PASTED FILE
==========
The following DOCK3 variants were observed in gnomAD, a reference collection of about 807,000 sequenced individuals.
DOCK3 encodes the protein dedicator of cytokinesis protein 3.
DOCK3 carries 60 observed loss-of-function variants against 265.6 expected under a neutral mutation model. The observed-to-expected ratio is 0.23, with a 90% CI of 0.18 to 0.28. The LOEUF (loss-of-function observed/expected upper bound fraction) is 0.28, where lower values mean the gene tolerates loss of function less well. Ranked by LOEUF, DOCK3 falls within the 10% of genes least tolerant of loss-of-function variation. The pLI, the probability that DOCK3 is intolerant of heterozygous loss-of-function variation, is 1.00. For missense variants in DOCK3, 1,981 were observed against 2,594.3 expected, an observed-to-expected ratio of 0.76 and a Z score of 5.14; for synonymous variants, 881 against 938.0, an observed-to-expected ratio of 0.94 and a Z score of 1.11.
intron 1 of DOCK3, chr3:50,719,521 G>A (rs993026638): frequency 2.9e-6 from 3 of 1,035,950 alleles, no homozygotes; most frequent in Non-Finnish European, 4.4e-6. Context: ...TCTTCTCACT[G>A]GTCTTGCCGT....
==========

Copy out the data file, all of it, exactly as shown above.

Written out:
The following DOCK3 variants were observed in gnomAD, a reference collection of about 807,000 sequenced individuals.
DOCK3 encodes the protein dedicator of cytokinesis protein 3.
DOCK3 carries 60 observed loss-of-function variants against 265.6 expected under a neutral mutation model. The observed-to-expected ratio is 0.23, with a 90% CI of 0.18 to 0.28. The LOEUF (loss-of-function observed/expected upper bound fraction) is 0.28, where lower values mean the gene tolerates loss of function less well. Ranked by LOEUF, DOCK3 falls within the 10% of genes least tolerant of loss-of-function variation. The pLI, the probability that DOCK3 is intolerant of heterozygous loss-of-function variation, is 1.00. For missense variants in DOCK3, 1,981 were observed against 2,594.3 expected, an observed-to-expected ratio of 0.76 and a Z score of 5.14; for synonymous variants, 881 against 938.0, an observed-to-expected ratio of 0.94 and a Z score of 1.11.
intron 1 of DOCK3, chr3:50,719,521 G>A (rs993026638): frequency 2.9e-6 from 3 of 1,035,950 alleles, no homozygotes; most frequent in Non-Finnish European, 4.4e-6. Context: ...TCTTCTCACT[G>A]GTCTTGCCGT....